The Poem, “The Wild Iris”

One of the things this project is about is describing my experience of other people’s poetry and art, an experience which often intensifies as I inhabit some text in order to combine it with my music. Experiencing a poem in that way enforces a deeper connection, for you have to understand, in at least one way, that the author embodied something with their art. That’s my project, but ordinary readers will often find a level of experience with poetry they read too.

Does poetry exist to instruct or guide our experience of life, or does our experience of life or living with a poem vivify silent lines on a page?

Does poetry exist to instruct or guide our experience of life, or does our experience of life or living with a poem vivify silent lines on a page? Isn’t it likely a bit of both? It’s not always the poem’s fault if it doesn’t leap off the page and integrate with our selves, but then sometimes else we do connect with the poem’s experience with our own experience. When that happens, a poem — well — opens from its closed position in a book.

Heidi Randen’s own photo of the wild iris, which opens

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Today’s piece finds me selecting for performance a part of a blog post by Heidi Randen where she describes such a bilateral interaction with a poem by Louise Glück, “The Wild Iris.”  Suffering, observing suffering, feeling loss, observing loss, are some of the matter here. This poem helps Randen, and the poem’s potential is fulfilled by her connection. I took the final lines from her blog post and performed them as a “found poem,” deciding to overlay some form on it and applying my reading of it with the music from The LYL Band in order to make my own comment on it and to bring them to you.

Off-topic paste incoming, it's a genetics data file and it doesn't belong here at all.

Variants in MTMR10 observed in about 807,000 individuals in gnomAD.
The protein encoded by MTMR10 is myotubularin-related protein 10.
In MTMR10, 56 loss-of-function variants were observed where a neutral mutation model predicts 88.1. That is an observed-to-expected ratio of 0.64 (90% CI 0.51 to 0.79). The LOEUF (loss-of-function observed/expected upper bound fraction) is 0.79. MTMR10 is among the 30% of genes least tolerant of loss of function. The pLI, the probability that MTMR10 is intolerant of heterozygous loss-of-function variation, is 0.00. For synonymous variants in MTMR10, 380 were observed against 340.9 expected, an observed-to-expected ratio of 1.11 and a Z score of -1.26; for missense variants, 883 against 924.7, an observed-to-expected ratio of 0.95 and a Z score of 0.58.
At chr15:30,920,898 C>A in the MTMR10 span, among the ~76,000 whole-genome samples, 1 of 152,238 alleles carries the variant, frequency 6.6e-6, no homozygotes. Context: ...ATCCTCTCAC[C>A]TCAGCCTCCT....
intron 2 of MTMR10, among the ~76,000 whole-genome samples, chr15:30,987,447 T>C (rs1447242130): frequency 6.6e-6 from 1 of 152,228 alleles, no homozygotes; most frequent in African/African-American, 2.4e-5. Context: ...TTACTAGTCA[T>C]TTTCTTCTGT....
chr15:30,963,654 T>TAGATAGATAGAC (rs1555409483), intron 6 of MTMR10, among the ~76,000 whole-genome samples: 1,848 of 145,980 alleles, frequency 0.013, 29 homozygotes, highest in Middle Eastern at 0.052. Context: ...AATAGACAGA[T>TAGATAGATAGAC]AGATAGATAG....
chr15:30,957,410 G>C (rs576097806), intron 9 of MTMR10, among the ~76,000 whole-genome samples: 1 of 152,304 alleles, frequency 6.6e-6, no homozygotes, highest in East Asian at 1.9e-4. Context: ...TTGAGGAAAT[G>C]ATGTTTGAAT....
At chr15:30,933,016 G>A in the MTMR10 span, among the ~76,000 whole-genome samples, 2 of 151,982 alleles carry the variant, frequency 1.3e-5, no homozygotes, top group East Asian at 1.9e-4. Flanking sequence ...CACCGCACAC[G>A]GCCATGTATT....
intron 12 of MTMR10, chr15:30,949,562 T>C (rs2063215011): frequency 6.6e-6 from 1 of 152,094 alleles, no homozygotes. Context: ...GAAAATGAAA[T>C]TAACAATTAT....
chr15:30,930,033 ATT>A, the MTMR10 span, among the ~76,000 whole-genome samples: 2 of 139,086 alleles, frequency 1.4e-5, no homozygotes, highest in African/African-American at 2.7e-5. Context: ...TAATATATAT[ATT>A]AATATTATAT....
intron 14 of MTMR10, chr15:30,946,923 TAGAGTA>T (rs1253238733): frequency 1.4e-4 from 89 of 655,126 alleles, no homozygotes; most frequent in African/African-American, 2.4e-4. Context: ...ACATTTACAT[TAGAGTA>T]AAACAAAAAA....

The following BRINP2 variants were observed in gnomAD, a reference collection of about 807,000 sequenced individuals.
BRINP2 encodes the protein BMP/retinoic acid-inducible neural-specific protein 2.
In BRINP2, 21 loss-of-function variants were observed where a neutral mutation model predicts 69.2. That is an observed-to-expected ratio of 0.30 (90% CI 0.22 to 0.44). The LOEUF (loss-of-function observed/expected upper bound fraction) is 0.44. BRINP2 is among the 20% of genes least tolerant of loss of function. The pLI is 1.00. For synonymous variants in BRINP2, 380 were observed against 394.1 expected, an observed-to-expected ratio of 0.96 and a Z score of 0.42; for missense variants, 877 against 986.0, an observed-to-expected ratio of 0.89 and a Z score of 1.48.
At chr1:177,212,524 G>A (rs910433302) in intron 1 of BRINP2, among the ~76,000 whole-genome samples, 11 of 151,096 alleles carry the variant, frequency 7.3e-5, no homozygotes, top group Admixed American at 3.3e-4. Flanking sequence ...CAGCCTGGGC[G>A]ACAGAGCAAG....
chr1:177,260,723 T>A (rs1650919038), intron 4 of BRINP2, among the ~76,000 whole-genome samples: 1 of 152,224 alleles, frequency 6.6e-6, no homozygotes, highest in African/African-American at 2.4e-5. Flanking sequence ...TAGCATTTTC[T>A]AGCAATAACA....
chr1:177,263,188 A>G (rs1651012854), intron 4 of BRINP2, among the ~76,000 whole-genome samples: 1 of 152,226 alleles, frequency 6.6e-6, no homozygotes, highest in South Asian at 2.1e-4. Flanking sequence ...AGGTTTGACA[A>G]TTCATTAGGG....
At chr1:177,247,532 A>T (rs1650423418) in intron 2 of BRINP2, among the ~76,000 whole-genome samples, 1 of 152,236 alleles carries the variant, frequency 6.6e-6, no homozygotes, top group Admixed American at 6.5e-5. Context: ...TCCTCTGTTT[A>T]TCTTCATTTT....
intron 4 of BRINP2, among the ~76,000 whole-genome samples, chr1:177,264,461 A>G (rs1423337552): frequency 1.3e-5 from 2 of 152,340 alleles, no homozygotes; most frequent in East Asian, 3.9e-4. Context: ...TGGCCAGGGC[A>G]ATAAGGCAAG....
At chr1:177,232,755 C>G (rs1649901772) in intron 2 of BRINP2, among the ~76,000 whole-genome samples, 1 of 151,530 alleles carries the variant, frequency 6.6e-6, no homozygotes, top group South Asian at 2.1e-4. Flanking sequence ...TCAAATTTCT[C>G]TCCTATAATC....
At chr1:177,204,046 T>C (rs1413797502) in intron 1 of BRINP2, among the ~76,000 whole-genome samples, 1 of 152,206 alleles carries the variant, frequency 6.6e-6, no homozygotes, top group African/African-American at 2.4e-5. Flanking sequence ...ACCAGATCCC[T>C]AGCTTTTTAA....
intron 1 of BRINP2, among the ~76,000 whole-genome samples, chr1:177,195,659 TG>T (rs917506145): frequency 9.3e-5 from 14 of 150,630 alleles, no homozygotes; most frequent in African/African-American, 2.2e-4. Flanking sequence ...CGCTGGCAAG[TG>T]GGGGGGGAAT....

The Poem, “The Wild Iris”

The poem
”The Wild Iris”
that opens:
”At the end of my suffering there was a door.”
The poem
”The Wild Iris”
that opens.

There is a joy after fear.
A door opens.
There is a joy after fear.
The door opens
into a world of light
and beautiful colors,
and you can breathe again.

Here’s a link to the Glück poem, which may bring you understanding or solace, or just a shrug. Below you may see a player gadget to hear my performance of “The Poem, ‘The Wild Iris.”   However, some ways of reading this blog will not show the gadget, so here’s also a highlighted hyperlink that will open a new tab window to play the same LYL Band performance. The music today may be a little strange to some listeners since I wished to have unsettling elements mixed with reassuring ones. I also don’t  know how you will react to the repetitions that are most of the form I imposed on Randen’s words. They too are part of the focused noticing* I intended for this.

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*”Focused noticing” is a decent short definition of art, isn’t it.

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